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Updated 11:00am - Nov 26, 2014

Home arrow Opinion arrow Columns arrow Healthy Living: Echocardiogram: What’s really in your heart?

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Healthy Living: Echocardiogram: What’s really in your heart?

House Calls runs every two weeks. Today’s column is written by Randy Landenberger, a registered diagnostic cardiac sonographer at Sutter Coast Hospital.

I think there’s an echo in here, an echo in here, an echo in here…

An echocardiogram, that is. The first thing I’ll say about this test is that the name is confusing because “echocardiogram” sounds so much like electrocardiogram (EKG or ECG). Specifically an echo is an ultrasound exam of the heart, and is also known as an echogram or a cardiac ultrasound. Many patients tell me they’ve had echos on their gallbladder, their neck, or their legs. What they really mean is that they’ve had ultrasound exams on those areas. Echo refers specifically to the heart.

The ultrasound allows us to look through the muscle walls and directly inside of the heart to assess the condition of the muscle and the four valves, the size of the chambers, and the blood flow within the heart to identify murmurs. This is all done in “real time,” meaning that we’re watching it live as it happens. However it does not directly see the coronary arteries and blockages within those arteries. Indirectly we can see the effects of arterial blockages, previous heart attacks (myocardial infarctions — or dead tissue), or heart attacks that are in progress.

“Doppler” ultrasound is also part of the exam. A “color” window is laid over the grayscale image of tissue to show us which direction the blood is flowing. This is typically done over valves to help reveal if there is any narrowing or leakage. We can then measure that blood flow to further evaluate the condition. Valves are most often the cause of “murmurs.” The color can also reveal holes in the heart tissue — another common cause of murmurs and these can be a major contributor in strokes or TIA’s.

There are many types of heart disease. First off, there’s the kind you were born with, congenital, and the kind you acquire due to age or lifestyle. Congenital heart conditions can take myriad forms, from holes to malformed valves, chambers and vessels. Acquired heart disease includes ischemia (lack of blood and oxygen to the heart muscle due to blockage in the coronary arteries), valves that are clogged and narrowed (stenotic), or leaking (regurgitation or insufficiency), tissue that has died and/or scarred, thickening of the heart muscle from hypertension (atherosclerosis or peripheral artery disease) or hereditary — a condition called hypertrophy. There are a variety of “cardiomyopathies” or heart “muscle” diseases that may have been acquired from general infections, septic conditions, drug or alcohol abuse, or just a bad draw of luck (idiopathic, or unknown source).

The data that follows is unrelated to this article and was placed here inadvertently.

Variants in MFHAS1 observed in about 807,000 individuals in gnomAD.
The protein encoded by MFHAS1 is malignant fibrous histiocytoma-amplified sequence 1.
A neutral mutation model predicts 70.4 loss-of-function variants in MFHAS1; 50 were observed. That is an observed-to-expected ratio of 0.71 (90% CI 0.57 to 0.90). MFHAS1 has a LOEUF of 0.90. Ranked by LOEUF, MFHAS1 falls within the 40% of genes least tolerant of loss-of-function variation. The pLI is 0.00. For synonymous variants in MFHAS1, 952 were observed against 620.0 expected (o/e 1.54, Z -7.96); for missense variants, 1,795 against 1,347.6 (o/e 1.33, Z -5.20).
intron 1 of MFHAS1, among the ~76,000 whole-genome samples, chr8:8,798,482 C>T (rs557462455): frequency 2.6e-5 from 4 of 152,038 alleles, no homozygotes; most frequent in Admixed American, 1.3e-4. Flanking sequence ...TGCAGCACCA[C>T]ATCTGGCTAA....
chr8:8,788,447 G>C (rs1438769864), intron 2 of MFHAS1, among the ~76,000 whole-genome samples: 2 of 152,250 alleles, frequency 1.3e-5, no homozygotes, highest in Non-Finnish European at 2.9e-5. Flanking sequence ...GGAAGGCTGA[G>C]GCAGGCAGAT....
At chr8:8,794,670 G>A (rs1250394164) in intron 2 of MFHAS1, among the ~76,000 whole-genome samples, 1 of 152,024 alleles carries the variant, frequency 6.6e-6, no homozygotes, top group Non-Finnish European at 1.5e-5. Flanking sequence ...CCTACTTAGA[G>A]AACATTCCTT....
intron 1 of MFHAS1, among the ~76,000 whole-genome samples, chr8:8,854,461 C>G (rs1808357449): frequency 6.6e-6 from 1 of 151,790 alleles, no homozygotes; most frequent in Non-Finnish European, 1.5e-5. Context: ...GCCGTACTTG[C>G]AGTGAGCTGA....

Typically an exam lasts about 30 minutes from the time the tech first puts the probe to your chest. The time to initially interview the patient and put all information into the ultrasound machine, and the time to close it all out and create a report, can extend the time to an hour. Usually patient are lying on their left side. When the exam is done in the Echo Lab, a special bed with a hinged drop section under the chest allows the tech to move and manipulate the probe under the patient to obtain the best images. A support behind the patient makes it much more comfortable to be in that position for a long period.

The quality of these studies varies widely. Some patients have what we call a “glass chest,” meaning we can see all the structures clearly. Many patients are less than clear, but we can still obtain the information needed by the physician to make a diagnosis and the proper treatment. The challenge for the echocardiographer is that the heart is surrounded by your ribs and lungs and the limitations of ultrasound are that it does not penetrate through bones or lungs. The image produced by ultrasound is a two-dimensional slice on the monitor screen. Yes, there is 3-D imaging — but that’s another story and not practical for everyday exams.

To overcome these obstacles, we obtain images from three different angles. For the first set, the probe is placed to the left of the sternum, about midway up the chest wall. The second set of images are taken from near the bottom of your ribs on your left side. The third set of images are taken from just below the sternum, at the top of your abdomen.

Some patients are sensitive to touch, or have conditions which make the positioning uncomfortable, or are unable to lie still for an extended period of time. Conversely, many patients fall asleep during the exam.

If you’re a patient scheduled to have an echo and you experience back problems or neuropathies, ask your physician about pain relievers or anxiety medications before your appointment.

Here at Sutter Coast, I make the room and experience as comfortable as possible. The room is warm, the lights are low, and I have a great selection of music to transport you to dreamland for half an hour. For some patients it’s like an echo spa, and others prefer the rock ’n’ roll emporium, or sono-country.

Of course nearly every patient wants to know the results. “What did you see?” “Any problems?” “Am I okay, will I live?” Sorry, but the tech can’t discuss the results. The exam has been digitally recorded for a qualified physician to “read,” or interpret. That physician will send the report to your doctor who ordered the test.

Email suggestions for future House Calls columns to Beth Liles at Sutter Coast Hospital, This e-mail address is being protected from spam bots, you need JavaScript enabled to view it

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